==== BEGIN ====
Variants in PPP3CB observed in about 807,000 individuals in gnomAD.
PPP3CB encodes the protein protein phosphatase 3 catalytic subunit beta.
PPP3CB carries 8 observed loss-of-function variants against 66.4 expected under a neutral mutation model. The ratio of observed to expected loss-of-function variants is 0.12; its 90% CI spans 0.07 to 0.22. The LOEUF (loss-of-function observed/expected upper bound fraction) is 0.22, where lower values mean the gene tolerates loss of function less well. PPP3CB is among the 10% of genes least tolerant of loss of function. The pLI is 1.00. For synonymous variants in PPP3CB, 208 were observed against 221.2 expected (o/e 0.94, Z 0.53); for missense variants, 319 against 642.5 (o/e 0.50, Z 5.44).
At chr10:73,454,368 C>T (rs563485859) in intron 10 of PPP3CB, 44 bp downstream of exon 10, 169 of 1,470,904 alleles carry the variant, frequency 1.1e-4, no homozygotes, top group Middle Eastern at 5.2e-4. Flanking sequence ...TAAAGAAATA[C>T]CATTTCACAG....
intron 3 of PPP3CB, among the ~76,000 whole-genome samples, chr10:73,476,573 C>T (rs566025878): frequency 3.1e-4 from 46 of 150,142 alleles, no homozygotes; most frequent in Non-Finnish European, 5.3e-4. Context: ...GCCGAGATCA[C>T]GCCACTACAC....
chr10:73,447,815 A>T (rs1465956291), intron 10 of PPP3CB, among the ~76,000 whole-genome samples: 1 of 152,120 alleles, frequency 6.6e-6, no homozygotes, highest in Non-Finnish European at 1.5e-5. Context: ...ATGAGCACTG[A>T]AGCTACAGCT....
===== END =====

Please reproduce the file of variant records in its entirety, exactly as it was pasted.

Variants in PPP3CB observed in about 807,000 individuals in gnomAD.
PPP3CB encodes the protein protein phosphatase 3 catalytic subunit beta.
PPP3CB carries 8 observed loss-of-function variants against 66.4 expected under a neutral mutation model. The ratio of observed to expected loss-of-function variants is 0.12; its 90% CI spans 0.07 to 0.22. The LOEUF (loss-of-function observed/expected upper bound fraction) is 0.22, where lower values mean the gene tolerates loss of function less well. PPP3CB is among the 10% of genes least tolerant of loss of function. The pLI is 1.00. For synonymous variants in PPP3CB, 208 were observed against 221.2 expected (o/e 0.94, Z 0.53); for missense variants, 319 against 642.5 (o/e 0.50, Z 5.44).
At chr10:73,454,368 C>T (rs563485859) in intron 10 of PPP3CB, 44 bp downstream of exon 10, 169 of 1,470,904 alleles carry the variant, frequency 1.1e-4, no homozygotes, top group Middle Eastern at 5.2e-4. Flanking sequence ...TAAAGAAATA[C>T]CATTTCACAG....
intron 3 of PPP3CB, among the ~76,000 whole-genome samples, chr10:73,476,573 C>T (rs566025878): frequency 3.1e-4 from 46 of 150,142 alleles, no homozygotes; most frequent in Non-Finnish European, 5.3e-4. Context: ...GCCGAGATCA[C>T]GCCACTACAC....
chr10:73,447,815 A>T (rs1465956291), intron 10 of PPP3CB, among the ~76,000 whole-genome samples: 1 of 152,120 alleles, frequency 6.6e-6, no homozygotes, highest in Non-Finnish European at 1.5e-5. Context: ...ATGAGCACTG[A>T]AGCTACAGCT....